There is a call for Australia to mirror New Zealand’s Pacific Quota to help Pacific Islanders fleeing the impacts of global warming.
A new policy brief from the Kaldor Centre for International Refugee Law and the Lowy Institute advocates such a move, among the slew of programmes needed to combat the threat posed by climate change.
Co-author Jonathan Pryke says migration with dignity has to be part of the solution.
He said Australia should take the lead from New Zealand and implement a Pacific category visa so people can migrate permanently.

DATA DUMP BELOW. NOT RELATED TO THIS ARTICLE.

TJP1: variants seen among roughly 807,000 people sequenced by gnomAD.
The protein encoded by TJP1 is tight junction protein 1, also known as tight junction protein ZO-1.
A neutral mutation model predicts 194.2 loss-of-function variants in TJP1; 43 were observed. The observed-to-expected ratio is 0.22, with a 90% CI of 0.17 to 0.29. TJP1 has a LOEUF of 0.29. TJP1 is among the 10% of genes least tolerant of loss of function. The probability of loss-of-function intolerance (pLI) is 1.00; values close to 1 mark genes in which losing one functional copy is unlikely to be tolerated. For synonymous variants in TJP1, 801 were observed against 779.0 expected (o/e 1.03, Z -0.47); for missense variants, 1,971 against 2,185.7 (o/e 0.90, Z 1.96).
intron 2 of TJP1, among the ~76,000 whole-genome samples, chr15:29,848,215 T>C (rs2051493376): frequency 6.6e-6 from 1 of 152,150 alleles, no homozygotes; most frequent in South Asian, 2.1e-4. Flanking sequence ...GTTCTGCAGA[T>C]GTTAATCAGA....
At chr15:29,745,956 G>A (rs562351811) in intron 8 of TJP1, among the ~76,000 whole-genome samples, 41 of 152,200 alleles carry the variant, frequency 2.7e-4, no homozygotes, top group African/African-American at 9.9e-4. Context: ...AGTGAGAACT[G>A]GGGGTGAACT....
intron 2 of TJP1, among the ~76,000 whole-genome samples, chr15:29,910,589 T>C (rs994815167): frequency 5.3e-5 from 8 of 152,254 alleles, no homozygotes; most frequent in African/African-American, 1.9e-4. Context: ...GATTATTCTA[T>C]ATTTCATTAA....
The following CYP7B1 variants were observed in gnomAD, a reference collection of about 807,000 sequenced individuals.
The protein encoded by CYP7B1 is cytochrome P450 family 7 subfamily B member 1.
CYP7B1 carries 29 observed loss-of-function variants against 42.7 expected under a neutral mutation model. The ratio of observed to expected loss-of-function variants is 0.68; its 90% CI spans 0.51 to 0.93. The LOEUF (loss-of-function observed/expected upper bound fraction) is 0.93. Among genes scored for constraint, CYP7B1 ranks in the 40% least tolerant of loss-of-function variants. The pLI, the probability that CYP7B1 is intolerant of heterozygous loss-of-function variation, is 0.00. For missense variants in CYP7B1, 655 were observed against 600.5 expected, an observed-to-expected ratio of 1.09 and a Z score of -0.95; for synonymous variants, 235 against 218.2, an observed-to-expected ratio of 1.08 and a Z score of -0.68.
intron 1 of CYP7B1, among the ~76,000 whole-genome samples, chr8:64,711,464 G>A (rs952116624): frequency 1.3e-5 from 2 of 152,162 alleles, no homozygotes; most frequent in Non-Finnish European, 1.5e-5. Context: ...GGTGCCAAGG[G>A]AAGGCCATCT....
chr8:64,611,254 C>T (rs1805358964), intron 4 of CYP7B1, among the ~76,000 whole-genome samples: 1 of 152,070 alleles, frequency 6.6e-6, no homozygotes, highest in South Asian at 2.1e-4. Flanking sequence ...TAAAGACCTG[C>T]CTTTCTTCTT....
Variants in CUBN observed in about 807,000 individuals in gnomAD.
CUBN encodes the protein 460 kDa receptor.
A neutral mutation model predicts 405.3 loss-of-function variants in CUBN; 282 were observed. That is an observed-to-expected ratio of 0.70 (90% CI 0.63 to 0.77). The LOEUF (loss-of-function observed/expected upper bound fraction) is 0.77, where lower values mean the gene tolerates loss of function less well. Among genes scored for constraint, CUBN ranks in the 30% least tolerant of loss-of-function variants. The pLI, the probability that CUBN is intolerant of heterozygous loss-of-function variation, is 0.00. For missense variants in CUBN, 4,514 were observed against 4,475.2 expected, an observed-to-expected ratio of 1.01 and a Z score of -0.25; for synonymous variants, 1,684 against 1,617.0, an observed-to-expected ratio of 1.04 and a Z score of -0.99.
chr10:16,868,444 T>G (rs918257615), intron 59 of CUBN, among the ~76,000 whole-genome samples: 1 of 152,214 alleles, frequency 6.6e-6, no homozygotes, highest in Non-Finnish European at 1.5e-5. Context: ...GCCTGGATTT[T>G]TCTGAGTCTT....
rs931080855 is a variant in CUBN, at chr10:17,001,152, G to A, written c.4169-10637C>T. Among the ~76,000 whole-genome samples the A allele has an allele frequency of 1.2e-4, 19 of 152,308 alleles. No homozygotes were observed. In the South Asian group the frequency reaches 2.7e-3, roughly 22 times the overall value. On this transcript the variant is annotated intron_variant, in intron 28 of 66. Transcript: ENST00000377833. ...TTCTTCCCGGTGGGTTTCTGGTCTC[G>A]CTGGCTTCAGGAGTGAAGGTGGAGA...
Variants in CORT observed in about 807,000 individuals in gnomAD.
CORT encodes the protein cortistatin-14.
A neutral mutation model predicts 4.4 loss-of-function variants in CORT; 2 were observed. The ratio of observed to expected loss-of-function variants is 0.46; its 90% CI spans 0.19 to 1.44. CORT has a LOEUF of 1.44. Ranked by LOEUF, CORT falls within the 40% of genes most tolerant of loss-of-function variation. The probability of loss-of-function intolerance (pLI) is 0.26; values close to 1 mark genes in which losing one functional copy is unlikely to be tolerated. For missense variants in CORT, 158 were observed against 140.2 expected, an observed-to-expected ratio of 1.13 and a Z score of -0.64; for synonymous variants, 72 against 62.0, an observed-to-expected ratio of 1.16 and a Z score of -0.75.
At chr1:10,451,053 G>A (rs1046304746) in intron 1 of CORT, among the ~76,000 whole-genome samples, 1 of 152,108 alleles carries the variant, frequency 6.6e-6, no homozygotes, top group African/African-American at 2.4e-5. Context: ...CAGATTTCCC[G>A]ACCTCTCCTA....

The Samoa Quota and the Pacific Access Category Visa, allow up to 1750 a year to settle permanently in New Zealand and Mr Pryke says Australia could start at a similar level.
“Those numbers add up over time, over decades, and climate change isn’t going to, or we hope, isn’t going to affect communities overnight – this going to take time to really have a profound impact,” Jonathan Pryke said.
“So much for Australia to start a scheme now, to start a scheme, build it over time and yeah, we expect numbers to be at least what New Zealand is advocating for.”
The New Zealand schemes offer up to 1100 permanent visas to Samoans, 250 to Tongans and Fijians, and 75 to i-Kiribati and Tuvalu citizens each year.